Saturday, May 18, 2019

Vixen in Velvet by Fern Michaels

I got this book in an omnibus of Fern Michaels's two earlier works, called FATE & FORTUNE, which contains both VIXEN IN VELVET and WHITEFIRE.

VIXEN IN VELVET is a story about a girl named Tori who is engaged to be married to a much, much older man. Being a firebrand, she is naturally not happy about this, and spends the weeks leading up to her wedding sulking and pouting and trying to figure a way to get out of it. Help comes unexpectedly in the form of her maid, who tells her a story of a tavern wench nearby who could easily pass as her doppelganger. Enlisting the help of her cousin, Granger, Tori goes to the tavern and persuades the girl, whose name is Dolly, to take her place at the wedding and let her live the free and completely-problem-less life of a tavern wench in her stead.

Dolly agrees to this one-sided bargain, and Tori realizes how screwed she is when all the men at the tavern try to harass her, she's living in a scummy apartment with the rent unpaid, and she actually has to work hard on an empty stomach. Her cousin was supposed to come see her and help her, but he flaked, and just when you think it can't get any worse, it turns out that Dolly was lovers with a feared highwayman named Scarblade who decides to pay Tori a visit.

Scarblade, called such because of an S-shaped wound on his face, is actually using his money to gather funding for the colonists during the Revolutionary War. He's not actually that terrifying, and is a great hit with the ladies (who apparently sometimes actually want him to rob him, just so he'll paw through their clothing, lol). He met Tori when she was young, and he was robbing her family, and she was struck by his free and imposing spirit, and she's just as struck by him a second time.

Also, unexpected bonus for this era: he doesn't rape her. I'm not sure if that's because this book was rewritten for a discerning modern audience in the new Kindle edition, and maybe there was rape in the earlier editions published in the 1970s, but in the edition published in VIXEN IN VELVET, at least, Scarblade is a perfect gentleman and doesn't take advantage of her. Woo!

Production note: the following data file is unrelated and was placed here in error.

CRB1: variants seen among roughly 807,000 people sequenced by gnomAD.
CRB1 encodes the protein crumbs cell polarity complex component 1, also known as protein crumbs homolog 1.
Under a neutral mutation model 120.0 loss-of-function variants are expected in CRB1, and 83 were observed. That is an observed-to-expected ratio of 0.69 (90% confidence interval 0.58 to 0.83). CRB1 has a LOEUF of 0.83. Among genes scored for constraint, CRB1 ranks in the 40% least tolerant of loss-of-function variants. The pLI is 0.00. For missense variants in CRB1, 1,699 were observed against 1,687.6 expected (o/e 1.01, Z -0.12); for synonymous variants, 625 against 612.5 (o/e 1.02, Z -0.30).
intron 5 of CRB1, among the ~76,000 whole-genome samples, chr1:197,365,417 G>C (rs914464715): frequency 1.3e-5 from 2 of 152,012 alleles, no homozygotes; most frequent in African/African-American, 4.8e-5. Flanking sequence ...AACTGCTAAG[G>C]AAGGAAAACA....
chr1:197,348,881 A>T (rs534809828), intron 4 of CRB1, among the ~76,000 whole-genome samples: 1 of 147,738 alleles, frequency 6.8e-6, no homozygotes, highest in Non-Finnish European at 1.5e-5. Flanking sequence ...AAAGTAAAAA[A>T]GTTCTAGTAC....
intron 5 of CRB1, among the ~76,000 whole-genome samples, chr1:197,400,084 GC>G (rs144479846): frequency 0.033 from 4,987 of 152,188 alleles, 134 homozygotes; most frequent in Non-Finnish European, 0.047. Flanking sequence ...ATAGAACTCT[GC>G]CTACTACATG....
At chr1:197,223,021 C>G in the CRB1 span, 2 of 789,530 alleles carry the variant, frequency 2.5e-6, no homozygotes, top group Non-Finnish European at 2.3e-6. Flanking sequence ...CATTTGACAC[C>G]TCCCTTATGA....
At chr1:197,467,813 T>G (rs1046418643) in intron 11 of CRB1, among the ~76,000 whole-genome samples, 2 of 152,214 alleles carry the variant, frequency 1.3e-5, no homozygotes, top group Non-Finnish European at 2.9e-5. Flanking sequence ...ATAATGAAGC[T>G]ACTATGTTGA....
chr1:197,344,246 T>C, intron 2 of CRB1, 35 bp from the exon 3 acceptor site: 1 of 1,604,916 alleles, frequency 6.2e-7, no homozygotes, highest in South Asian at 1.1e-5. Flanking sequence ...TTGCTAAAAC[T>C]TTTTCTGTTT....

I wanted to like this book. I wasn't prepared for the tone, which is unexpectedly comical. Tori's shenanigans had me smiling in the beginning of the book. I think the problem is that this book wants to have the dark and dangerous high stakes adventures of its more grim predecessors, but doesn't fully commit. So when Scarblade gets imprisoned and Tori has to seduce a disgusting guard, for example, you never really fear for the characters as you might in a book where the author is a gleeful sadist, because the light tone of the novel makes you know that nothing bad will happen. Tori is also an exhausting heroine and eventually her antics got old.

Honestly, VIXEN IN VELVET is a "bodice-ripper" for people who don't like bodice-rippers. If you want the vibe of a bodice-ripper, without any of the horror or rape, this is a book for you. I thought it was kind of boring, but I do appreciate that this will work for some people who aren't me.

2 to 2.5 out of 5 stars

No comments:

Post a Comment

Note: Only a member of this blog may post a comment.